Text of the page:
Gov. Gavin Newsom announced Tuesday via social media that, with the Omicron variant on the rise, California will require health care workers to get their COVID-19 booster.
“We’re taking immediate actions to protect Californians and ensure our hospitals are prepared,” Newsom said in a tweet, adding that more details are set to come during an official announcement Wednesday.
The news comes as Los Angeles County Department of Public Health officials are continuing to urge residents to take precautions as the county enters its winter surge in COVID-19 cases.
Public Health Director Barbara Ferrer updated the county Board of Supervisors during Tuesday’s regular meeting on case rates and the Omicron variant, which the U.S. Centers for Disease Control and Prevention said now accounts for 73% of new cases across the country.
As of Tuesday, L.A. County has identified 102 cases of Omicron, none of which have been known to have been hospitalized or died, Ferrer said.
Omicron has shown to be about three times as likely to cause infection than the Delta variant. However, mRNA vaccines and boosters (Pfizer and Moderna) have been shown in early studies to still be effective at preventing illness and hospitalization, according to Ferrer.
“It’s critically important to know that vaccination and booster doses continue to make a significant difference in health outcome,” Ferrer said, noting that cases remain highest among those who are unvaccinated. “As we see these worrisome increases in cases, it’s clear we urgently need to get more people protected by vaccines.”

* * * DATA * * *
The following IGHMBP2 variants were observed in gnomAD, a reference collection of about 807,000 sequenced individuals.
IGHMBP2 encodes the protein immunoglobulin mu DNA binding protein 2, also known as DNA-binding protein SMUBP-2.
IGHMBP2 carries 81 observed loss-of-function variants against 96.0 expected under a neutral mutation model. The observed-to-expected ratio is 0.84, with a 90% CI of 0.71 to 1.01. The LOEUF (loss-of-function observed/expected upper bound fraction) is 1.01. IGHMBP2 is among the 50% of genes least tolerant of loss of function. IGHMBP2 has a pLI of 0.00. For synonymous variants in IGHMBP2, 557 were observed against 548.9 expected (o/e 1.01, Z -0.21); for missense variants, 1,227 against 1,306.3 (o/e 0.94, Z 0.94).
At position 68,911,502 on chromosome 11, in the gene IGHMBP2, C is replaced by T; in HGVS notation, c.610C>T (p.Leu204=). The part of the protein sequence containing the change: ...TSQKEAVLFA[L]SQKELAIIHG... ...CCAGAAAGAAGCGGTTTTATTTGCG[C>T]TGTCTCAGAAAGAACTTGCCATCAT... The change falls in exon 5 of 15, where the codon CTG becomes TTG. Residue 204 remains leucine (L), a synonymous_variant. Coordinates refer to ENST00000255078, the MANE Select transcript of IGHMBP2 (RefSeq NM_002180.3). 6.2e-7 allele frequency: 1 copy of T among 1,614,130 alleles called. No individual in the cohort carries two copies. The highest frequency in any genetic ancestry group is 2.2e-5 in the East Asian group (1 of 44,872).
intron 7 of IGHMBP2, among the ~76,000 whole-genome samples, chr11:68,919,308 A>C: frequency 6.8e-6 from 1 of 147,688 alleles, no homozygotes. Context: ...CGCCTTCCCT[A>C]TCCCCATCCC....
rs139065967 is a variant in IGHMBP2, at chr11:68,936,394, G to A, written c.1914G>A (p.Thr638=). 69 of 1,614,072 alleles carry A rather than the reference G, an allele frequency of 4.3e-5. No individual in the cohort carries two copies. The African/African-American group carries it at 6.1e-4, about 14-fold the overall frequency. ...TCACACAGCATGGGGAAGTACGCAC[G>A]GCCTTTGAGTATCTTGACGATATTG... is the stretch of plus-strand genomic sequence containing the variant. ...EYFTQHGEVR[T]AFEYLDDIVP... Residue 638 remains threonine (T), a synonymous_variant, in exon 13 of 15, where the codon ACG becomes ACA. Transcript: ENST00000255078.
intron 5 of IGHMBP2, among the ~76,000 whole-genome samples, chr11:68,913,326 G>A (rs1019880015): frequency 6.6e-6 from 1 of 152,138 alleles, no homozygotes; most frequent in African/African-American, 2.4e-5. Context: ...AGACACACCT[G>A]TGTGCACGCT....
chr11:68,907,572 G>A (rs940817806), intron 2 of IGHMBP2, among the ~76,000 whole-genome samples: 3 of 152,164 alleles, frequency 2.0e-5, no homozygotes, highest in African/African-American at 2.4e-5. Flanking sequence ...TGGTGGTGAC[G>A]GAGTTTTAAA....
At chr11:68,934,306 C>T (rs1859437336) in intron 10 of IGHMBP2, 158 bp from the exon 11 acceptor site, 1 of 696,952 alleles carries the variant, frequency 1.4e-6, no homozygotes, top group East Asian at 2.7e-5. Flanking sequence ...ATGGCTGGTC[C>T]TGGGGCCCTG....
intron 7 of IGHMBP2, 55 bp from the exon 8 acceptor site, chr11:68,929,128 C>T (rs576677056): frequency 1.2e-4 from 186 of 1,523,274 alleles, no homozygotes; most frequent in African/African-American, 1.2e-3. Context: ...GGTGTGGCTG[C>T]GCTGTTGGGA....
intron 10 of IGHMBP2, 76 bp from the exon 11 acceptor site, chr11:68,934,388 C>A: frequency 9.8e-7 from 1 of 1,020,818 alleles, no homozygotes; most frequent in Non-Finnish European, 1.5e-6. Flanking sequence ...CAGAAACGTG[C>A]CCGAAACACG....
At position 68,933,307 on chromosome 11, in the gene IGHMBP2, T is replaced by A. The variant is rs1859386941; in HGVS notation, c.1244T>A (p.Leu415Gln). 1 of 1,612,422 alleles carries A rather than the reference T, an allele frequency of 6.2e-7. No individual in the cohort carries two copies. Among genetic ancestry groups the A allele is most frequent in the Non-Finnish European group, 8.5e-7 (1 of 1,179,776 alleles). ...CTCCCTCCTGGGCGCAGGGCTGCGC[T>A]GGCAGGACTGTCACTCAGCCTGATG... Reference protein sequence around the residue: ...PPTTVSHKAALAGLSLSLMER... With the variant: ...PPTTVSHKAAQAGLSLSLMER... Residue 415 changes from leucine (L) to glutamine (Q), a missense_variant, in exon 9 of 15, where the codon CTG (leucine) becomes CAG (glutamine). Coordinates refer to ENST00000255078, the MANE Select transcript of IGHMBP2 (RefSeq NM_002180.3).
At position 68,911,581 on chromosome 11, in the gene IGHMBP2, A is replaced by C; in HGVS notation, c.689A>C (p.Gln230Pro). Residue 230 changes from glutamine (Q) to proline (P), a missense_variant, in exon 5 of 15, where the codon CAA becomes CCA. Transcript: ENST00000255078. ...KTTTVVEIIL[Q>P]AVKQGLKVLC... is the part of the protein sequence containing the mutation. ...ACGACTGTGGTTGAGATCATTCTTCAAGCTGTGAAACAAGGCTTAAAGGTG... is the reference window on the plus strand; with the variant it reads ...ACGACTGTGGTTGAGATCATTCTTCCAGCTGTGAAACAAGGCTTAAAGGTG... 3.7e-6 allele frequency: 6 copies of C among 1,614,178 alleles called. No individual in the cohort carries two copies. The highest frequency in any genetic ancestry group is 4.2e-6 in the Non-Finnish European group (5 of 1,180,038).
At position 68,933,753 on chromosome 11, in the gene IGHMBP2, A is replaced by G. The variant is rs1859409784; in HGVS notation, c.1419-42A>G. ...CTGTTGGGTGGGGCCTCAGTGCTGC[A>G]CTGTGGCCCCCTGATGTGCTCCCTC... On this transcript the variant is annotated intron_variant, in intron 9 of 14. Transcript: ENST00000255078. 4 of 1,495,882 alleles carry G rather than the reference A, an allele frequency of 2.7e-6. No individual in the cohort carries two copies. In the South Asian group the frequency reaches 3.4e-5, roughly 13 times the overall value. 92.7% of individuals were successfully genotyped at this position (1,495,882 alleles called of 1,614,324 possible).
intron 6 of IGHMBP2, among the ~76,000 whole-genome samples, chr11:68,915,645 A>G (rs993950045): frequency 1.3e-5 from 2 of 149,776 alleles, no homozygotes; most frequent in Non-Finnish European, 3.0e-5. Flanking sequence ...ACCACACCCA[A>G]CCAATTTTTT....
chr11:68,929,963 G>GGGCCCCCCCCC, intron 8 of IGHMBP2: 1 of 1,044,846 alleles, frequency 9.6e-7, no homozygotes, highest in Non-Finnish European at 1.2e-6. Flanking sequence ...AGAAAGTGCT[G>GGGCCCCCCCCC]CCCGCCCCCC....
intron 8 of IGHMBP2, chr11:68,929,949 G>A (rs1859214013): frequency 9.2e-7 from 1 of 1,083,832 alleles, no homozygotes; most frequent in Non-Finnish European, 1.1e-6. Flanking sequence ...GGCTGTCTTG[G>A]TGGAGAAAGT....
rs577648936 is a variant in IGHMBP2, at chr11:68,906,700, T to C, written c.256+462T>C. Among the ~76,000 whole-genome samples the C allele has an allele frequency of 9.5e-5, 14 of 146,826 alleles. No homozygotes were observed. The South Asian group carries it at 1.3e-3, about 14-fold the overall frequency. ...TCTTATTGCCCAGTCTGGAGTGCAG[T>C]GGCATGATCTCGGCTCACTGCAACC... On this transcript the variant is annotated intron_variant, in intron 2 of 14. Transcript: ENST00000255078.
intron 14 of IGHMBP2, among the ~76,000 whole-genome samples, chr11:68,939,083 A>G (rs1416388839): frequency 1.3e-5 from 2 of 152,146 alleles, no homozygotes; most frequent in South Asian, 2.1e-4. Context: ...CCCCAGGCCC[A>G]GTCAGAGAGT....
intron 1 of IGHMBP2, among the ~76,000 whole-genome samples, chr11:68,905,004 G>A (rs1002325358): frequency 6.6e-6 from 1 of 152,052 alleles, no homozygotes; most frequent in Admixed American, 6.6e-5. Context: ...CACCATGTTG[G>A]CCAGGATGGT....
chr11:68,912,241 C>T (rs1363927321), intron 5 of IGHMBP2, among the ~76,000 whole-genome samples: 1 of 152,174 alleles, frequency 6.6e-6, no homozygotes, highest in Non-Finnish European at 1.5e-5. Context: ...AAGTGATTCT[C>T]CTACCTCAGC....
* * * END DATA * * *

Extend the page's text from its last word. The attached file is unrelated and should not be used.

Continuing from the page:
The core Public Health rationale for vaccination is to protect not the health of the person getting vaccinated, but the health of everyone else around them, added Health Services Director Christina Ghaly.
“The vaccines and boosters, when needed, reduce transmission of the virus, reduce infections, and in doing so reduce the risk that that virus will continue to mutate — and mutate potentially into a form that’s more virulent and put everyone’s life at risk — that is what we’re trying to avoid,” Ghaly said. “So ultimately, getting vaccinated isn’t just about protecting one’s own personal health.”
L.A. County reported more than 3,000 COVID-19 cases Tuesday for the fifth day in a row when just last Tuesday only 1,138 cases were reported, per Public Health data.
“The greatest gift you can give during this holiday season is to take seriously, get vaccinated and wear the mask,” said county Supervisor Kathryn Barger, whose 5th District includes the Santa Clarita Valley.
Henry Mayo Newhall Hospital also reported another death related to COVID-19 Tuesday, bringing the hospital’s total since the onset of the pandemic to 190, according to spokesman Patrick Moody.
In the SCV, 123 COVID-19 cases were reported Tuesday, which is the first time the valley has reported more than 100 cases since Dec. 2, according to Public Health data.
Public Health officials also released the following updated COVID-19 statistics Tuesday:
Countywide COVID-19 cases reported in the past 24 hours: 3,052
Total COVID-19 cases in L.A. County: 1,570,230
New deaths related to COVID-19 reported in the past 24 hours: 25
Total COVID-19 deaths in L.A. County: 27,473
Hospitalizations countywide: 741
Hospitalizations at Henry Mayo Newhall Hospital as of Dec. 21: 24, with 1,690 discharged since the onset of the pandemic.
COVID-19 cases reported in the Santa Clarita Valley in the past 24 hours: 123, 85 of which came from the city of Santa Clarita.
Total COVID-19 cases in the SCV: 40,364
Total COVID-19 deaths in the SCV as of Dec. 20: 371
Percentage of vaccinated people (at least one dose) in the city of Santa Clarita as of Dec. 16: 77.9%*
Percentage of vaccinated people (at least one dose) in the SCV as of Dec. 16: 74.5%*
*These figures now include all eligible Los Angeles County residents ages 5 and older.